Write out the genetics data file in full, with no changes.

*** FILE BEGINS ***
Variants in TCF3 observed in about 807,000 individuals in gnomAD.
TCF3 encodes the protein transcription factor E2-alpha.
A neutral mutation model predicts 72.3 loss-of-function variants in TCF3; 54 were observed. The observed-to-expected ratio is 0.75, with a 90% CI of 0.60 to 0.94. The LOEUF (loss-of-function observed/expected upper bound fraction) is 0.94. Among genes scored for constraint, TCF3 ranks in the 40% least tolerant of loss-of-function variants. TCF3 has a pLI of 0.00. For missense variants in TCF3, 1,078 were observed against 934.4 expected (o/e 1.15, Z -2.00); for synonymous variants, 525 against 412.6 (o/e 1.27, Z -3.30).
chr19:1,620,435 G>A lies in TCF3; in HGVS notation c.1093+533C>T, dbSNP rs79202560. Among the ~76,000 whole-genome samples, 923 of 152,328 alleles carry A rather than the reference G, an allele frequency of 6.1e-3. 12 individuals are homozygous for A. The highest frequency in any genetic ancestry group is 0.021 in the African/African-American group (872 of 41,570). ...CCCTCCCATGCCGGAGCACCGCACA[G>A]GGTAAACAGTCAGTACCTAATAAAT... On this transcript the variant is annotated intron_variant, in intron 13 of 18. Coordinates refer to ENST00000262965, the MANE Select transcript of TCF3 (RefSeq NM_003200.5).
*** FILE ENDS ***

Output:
Variants in TCF3 observed in about 807,000 individuals in gnomAD.
TCF3 encodes the protein transcription factor E2-alpha.
A neutral mutation model predicts 72.3 loss-of-function variants in TCF3; 54 were observed. The observed-to-expected ratio is 0.75, with a 90% CI of 0.60 to 0.94. The LOEUF (loss-of-function observed/expected upper bound fraction) is 0.94. Among genes scored for constraint, TCF3 ranks in the 40% least tolerant of loss-of-function variants. TCF3 has a pLI of 0.00. For missense variants in TCF3, 1,078 were observed against 934.4 expected (o/e 1.15, Z -2.00); for synonymous variants, 525 against 412.6 (o/e 1.27, Z -3.30).
chr19:1,620,435 G>A lies in TCF3; in HGVS notation c.1093+533C>T, dbSNP rs79202560. Among the ~76,000 whole-genome samples, 923 of 152,328 alleles carry A rather than the reference G, an allele frequency of 6.1e-3. 12 individuals are homozygous for A. The highest frequency in any genetic ancestry group is 0.021 in the African/African-American group (872 of 41,570). ...CCCTCCCATGCCGGAGCACCGCACA[G>A]GGTAAACAGTCAGTACCTAATAAAT... On this transcript the variant is annotated intron_variant, in intron 13 of 18. Coordinates refer to ENST00000262965, the MANE Select transcript of TCF3 (RefSeq NM_003200.5).